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  • Project Reference Number: CBA2013-09NSY

    The following collaborators worked on this project: Heidi Z. Schuttenberg, University of Aberdeen, UK,

    Scott F. Heron, NOAA Coral Reef Watch, Australia, Sean Pascoe, CSIRO Wealth from Oceans Flagship, Australia,;

    Emma Calgaro, University of Sydney, Australia, Alvin Chelliah, Reef Check Malaysia, Sue Yee Chen, Reef Check Malaysia,

    Amar Doshi, Queensland University of Technology, Australia, Julian Hyde, Reef Check Malaysia,

    Lau Chai Ming, University of Malaya, Kuala Lumpur, Malaysia, Petch Manopawitr, WWF Thailand,

    Derta Purwita, Reef Check Indonesia, Naneng Setiasih, CORAL, Indonesia,

    James C.H. Tan, Universiti Malaysia Terengganu, Malaysia, James True, Prince of Songkla University, Thailand,

    Building Capacity for Socio-ecological Resilience to

    Coral Bleaching Events & Climate Change in

    Indonesia, Malaysia, and Thailand

    - Making a Difference – SScciieennttiiffiicc CCaappaacciittyy BBuuiillddiinngg && EEnnhhaanncceemmeenntt ffoorr SSuussttaaiinnaabbllee DDeevveellooppmmeenntt iinn DDeevveellooppiinngg CCoouunnttrriieess


    Final Technical Report: CBA2013-09NSY

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    Project Reference Number: CBA-2013-09NSY Final Report submitted to APN ©Asia-Pacific Network for Global Change Research


    Final Technical Report: CBA2013-09NSY

  • OVERVIEW OF PROJECT WORK AND OUTCOMES Non-technical summary At current rates of greenhouse gas emissions, it is projected that up to half of the world’s reefs will experience severe bleaching events in any given year by 2030.1 Coral reef degradation leads to a simultaneous loss is the significant ecosystem services they provide as the foundation for a thriving dive tourism industry, extensive fisheries, and a broad range of regulating services. While significant progress has been made over the last decade in understanding and responding to bleaching events,2,3 research identifying actions to increase the resilience of the reef tourism industry to coral bleaching is in its infancy. Existing research has focused on assessing economic losses during bleaching events4, with little scientific work examining adaptation strategies for dive operators or the longer-term consequences of bleaching for the structure of the dive industry, the broader economy, the well-being of dependent coastal communities, and government policy. This project conducted seven multi-stakeholder learning workshops across Malaysia, Thailand, and Indonesia to fill gaps in scientific knowledge and build capacity for supporting social and ecological resilience to future bleaching events. Keywords Coral bleaching, dive tourism, fisheries, regulatory services, ecological resilience, socio-economic resilience, capacity building Objectives The main objectives of the project were: 1. Raise awareness about the impacts of mass bleaching and climate change on coral reef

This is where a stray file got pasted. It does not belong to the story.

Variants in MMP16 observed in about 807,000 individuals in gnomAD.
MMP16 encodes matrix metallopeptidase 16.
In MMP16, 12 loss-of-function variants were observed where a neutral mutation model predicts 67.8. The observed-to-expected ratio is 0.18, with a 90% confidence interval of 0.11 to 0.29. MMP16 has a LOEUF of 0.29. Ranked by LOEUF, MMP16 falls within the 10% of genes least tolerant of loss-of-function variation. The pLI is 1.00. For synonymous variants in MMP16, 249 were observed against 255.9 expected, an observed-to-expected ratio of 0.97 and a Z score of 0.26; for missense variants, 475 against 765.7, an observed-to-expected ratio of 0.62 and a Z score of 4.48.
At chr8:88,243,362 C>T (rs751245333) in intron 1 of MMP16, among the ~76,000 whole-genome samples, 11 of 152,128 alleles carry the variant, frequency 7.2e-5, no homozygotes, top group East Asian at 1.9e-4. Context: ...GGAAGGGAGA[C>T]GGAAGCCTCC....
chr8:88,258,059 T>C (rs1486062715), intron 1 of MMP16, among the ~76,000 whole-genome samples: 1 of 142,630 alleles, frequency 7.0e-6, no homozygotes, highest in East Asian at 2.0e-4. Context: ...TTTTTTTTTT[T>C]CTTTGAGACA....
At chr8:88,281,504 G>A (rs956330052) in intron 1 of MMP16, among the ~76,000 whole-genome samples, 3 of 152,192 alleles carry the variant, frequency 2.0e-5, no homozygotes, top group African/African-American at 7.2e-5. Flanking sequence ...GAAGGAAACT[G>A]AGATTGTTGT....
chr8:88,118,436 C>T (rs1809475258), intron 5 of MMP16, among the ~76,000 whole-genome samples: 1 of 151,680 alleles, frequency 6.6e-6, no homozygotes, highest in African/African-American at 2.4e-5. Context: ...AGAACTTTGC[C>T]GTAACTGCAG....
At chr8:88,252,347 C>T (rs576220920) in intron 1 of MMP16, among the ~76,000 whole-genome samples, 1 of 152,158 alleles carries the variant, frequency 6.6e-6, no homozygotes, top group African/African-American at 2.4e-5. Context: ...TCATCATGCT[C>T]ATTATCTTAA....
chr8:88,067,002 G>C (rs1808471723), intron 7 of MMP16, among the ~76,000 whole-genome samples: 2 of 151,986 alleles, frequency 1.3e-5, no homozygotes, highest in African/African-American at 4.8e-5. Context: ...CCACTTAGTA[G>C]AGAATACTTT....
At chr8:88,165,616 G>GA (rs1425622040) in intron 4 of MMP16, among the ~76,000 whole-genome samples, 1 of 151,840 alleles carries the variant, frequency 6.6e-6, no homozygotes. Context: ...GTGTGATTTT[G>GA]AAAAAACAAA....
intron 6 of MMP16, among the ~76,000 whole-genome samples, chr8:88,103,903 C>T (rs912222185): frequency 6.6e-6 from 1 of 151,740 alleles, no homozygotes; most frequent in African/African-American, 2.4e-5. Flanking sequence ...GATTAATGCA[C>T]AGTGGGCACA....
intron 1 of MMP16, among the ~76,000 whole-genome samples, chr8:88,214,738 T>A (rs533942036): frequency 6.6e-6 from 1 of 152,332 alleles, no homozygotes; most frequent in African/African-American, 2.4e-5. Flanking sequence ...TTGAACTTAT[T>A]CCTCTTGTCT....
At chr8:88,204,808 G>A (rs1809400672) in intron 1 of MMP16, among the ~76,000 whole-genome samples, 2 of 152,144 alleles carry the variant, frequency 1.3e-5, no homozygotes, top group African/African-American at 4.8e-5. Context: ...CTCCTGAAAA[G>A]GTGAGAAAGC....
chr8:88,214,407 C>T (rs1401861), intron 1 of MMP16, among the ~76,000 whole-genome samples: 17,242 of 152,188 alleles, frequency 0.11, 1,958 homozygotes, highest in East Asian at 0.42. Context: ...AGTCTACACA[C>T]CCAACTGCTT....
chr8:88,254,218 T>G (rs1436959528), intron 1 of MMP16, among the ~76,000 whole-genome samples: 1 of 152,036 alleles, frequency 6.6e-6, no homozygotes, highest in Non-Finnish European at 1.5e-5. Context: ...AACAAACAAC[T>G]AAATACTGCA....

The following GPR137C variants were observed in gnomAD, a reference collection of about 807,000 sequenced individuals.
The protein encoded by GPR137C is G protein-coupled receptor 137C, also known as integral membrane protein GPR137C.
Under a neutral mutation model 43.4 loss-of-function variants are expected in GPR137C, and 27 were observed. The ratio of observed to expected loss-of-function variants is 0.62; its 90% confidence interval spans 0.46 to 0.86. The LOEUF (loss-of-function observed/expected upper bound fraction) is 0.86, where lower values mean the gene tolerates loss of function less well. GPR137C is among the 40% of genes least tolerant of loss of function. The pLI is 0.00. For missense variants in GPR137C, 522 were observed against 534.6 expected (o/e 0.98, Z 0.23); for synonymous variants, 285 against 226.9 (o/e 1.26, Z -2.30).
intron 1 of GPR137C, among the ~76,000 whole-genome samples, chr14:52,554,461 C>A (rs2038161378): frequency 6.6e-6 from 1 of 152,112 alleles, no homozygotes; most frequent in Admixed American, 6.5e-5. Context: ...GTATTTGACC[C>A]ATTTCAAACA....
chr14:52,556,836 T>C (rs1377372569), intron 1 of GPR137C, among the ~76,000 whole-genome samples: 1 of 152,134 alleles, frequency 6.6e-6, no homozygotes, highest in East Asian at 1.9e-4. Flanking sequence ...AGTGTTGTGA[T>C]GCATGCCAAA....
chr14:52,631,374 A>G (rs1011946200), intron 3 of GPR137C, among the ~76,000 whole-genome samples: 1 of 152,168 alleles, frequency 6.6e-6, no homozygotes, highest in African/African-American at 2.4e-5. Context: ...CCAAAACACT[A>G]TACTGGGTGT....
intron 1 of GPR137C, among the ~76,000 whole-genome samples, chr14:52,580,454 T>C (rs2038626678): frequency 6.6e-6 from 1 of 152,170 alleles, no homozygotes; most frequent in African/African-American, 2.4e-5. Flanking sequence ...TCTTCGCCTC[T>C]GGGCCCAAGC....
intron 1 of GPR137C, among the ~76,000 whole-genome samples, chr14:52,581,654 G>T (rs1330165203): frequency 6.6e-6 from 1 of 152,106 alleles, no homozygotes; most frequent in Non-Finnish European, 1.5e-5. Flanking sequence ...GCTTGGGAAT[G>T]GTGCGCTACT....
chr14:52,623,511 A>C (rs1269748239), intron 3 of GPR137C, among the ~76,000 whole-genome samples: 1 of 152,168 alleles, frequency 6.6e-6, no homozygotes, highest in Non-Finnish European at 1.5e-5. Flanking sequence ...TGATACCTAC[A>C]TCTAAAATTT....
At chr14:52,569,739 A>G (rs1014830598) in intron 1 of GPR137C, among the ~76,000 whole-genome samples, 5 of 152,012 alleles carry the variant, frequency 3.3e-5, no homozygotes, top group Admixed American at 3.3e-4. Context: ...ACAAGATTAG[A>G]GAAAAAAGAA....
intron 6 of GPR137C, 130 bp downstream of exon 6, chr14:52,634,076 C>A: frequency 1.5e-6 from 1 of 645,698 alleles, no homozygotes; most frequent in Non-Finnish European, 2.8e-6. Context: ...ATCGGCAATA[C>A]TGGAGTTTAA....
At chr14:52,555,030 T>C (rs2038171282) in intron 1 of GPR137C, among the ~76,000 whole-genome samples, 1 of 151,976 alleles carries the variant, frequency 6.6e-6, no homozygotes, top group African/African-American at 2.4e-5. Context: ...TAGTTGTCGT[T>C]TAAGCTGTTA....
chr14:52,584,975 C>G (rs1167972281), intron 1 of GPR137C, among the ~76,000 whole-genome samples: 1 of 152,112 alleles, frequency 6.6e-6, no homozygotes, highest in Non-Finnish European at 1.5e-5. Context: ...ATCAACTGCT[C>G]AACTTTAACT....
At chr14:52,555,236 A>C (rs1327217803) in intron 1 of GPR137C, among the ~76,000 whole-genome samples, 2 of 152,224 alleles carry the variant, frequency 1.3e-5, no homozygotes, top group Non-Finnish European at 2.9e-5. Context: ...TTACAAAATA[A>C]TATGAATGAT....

ecosystems, reef-dependent tourism operators, and national economies; 2. Strengthen interactions among scientists, government decision-makers, and reef-dependent

    tourism operators to facilitate improved decision-making processes at local to national levels; 3. Provide scientific input on bleaching responses that support social, economic, and ecological

    resilience; 4. Identify the content for dive operator training materials that will be incorporated into on-

    going training programs and operator networks; and 5. Strengthen science-policy links and building scientific capacity by collaboratively developing

    questions & methodologies for future research. Amount received and number years supported The Grant awarded to this project was US$44,000 for Year 1 Activity undertaken Following an extensive ecological and socio-economic data collection during the 2010 coral bleaching event, seven multi-stakeholder learning workshops across Malaysia, Thailand, and Indonesia to fill gaps in scientific knowledge and build capacity for supporting social and ecological resilience to future bleaching events. Results

    • The seven workshops engaged over 150 participants from industry, government, academia, and civic organizations (Figure 3.2).

    • Over 25 organizations contributed to hosting the workshops (Appendix E). • Through these partnerships, APN’s US$44,000 leveraged additional investment of